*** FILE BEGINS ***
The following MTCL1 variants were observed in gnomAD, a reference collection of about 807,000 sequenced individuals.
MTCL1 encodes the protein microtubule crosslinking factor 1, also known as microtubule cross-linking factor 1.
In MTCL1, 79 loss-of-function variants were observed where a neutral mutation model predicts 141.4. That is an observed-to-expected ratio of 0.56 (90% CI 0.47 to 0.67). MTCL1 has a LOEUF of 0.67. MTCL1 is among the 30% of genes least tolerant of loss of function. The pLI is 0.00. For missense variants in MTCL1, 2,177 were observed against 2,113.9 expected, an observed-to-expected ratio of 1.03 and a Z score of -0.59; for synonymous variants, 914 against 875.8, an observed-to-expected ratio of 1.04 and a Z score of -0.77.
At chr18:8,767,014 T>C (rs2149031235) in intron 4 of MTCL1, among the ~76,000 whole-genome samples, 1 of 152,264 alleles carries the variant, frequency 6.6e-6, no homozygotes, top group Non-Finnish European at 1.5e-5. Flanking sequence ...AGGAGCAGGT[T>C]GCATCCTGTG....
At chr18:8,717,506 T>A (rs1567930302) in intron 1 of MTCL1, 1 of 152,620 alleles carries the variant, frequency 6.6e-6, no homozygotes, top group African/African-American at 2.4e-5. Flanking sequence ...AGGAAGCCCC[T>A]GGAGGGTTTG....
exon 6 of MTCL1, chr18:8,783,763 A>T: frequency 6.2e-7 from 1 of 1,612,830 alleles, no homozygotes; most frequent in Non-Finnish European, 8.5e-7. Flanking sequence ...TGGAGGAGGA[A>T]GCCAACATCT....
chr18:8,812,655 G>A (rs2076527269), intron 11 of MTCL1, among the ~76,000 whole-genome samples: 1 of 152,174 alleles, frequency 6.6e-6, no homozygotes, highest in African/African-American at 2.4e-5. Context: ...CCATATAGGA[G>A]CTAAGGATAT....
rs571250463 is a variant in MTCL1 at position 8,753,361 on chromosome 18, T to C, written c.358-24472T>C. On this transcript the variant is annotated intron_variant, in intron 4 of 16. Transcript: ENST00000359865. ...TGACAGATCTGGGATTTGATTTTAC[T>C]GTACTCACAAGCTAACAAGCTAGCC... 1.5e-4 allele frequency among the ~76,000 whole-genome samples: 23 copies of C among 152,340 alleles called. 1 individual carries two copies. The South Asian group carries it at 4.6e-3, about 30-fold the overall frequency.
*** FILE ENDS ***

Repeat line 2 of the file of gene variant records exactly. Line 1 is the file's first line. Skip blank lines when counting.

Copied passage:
MTCL1 encodes the protein microtubule crosslinking factor 1, also known as microtubule cross-linking factor 1.